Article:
Thursday, 15 April 2010

Billy Budd

Herman Melville’s unfinished Billy Budd is somewhere high on my list of great unreads. The novel lends its name to a Morrissey song and a Benjamin Britten opera and it’s generally supposed the homosocial and possible homoerotic subtexts of the story were appealing to both. In any case, I haven’t read it, but I have read, and am in the process of attempting to memorise, the desperately sad ballad that closes the story, called 'Billy In The Darbies‘' ('darbies' are handcuffs).

Billy has been wrongfully court-martialled for attempted mutiny and is subsequently hanged from the ship’s yardarm (the horizontal portion of the mast). A fellow sailor composes a ballad chronicling Billy’s final night and day before the execution and it is this which closes the tale. It is full of exciting sailing paraphernalia and Billy’s sweet nature shines through. What makes it heartbreaking are the minute touches of human kindness offset by the brutalities of maritime justice, in other words, how cruel men can be to each other, and how kind.

Along with some Plath, Frank O’Hara, D. H. Lawrence’s ‘Tortoise’ sequence and the odd bit of Shakespeare it’s one of my favourite pieces of poetry. My favourite thing is to turn off the lights and say in a tiny slow whisper, ‘No pipe to those halyards. - But aren't it all sham? A blur's in my eyes; it is dreaming that I am …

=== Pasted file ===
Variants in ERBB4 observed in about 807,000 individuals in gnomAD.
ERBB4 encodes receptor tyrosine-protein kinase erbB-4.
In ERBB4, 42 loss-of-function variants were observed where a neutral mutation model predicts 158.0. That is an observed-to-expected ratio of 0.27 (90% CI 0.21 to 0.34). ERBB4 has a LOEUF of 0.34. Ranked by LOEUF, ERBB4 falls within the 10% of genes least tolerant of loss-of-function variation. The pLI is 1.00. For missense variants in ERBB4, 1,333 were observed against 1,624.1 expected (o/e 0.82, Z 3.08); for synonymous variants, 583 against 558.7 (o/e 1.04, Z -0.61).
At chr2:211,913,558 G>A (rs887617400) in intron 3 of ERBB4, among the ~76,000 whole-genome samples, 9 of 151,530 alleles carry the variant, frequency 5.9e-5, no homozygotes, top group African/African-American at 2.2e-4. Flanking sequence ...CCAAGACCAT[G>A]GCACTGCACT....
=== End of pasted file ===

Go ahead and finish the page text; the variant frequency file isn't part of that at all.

‘Billy In The Darbies’

Good of the chaplain to enter Lone Bay
And down on his marrowbones here and pray
For the likes just o' me, Billy Budd. - But, look:
Through the port comes the moonshine astray!
It tips the guard's cutlass and silvers this nook;
But 'twill die in the dawning of Billy's last day.
A jewel-block they'll make of me tomorrow,
Pendant pearl from the yardarm-end
Like the eardrop I gave to Bristol Molly --
O, 'tis me, not the sentence they'll suspend.
Ay, ay, all is up; and I must up too,
Early in the morning, aloft from alow.
On an empty stomach now never it would do.
They'll give me a nibble -- bit o' biscuit ere I go.
Sure, a messmate will reach me the last parting cup;
But, turning heads away from the hoist and the belay,
Heaven knows who will have the running of me up!
No pipe to those halyards. -- But aren't it all sham?
A blur's in my eyes; it is dreaming that I am.
A hatchet to my hawser? All adrift to go?
The drum roll to grog, and Billy never know?
But Donald he has promised to stand by the plank;
So I'll shake a friendly hand ere I sink.
But -- no! It is dead then I'll be, come to think.
I remember Taff the Welshman when he sank.
And his cheek it was like the budding pink.
But me they'll lash in hammock, drop me deep.
Fathoms down, fathoms down, how I'll dream fast asleep.
I feel it stealing now. Sentry, are you there?
Just ease these darbies at the wrist,
And roll me over fair!
I am sleepy, and the oozy weeds about me twist.

1 comment:

Anonymous said...

Grand to see the truly great Thomas Allen posted on there!!! He's always been a bot of a hero. The only world-class opera singer I know who keeps his geordie accent!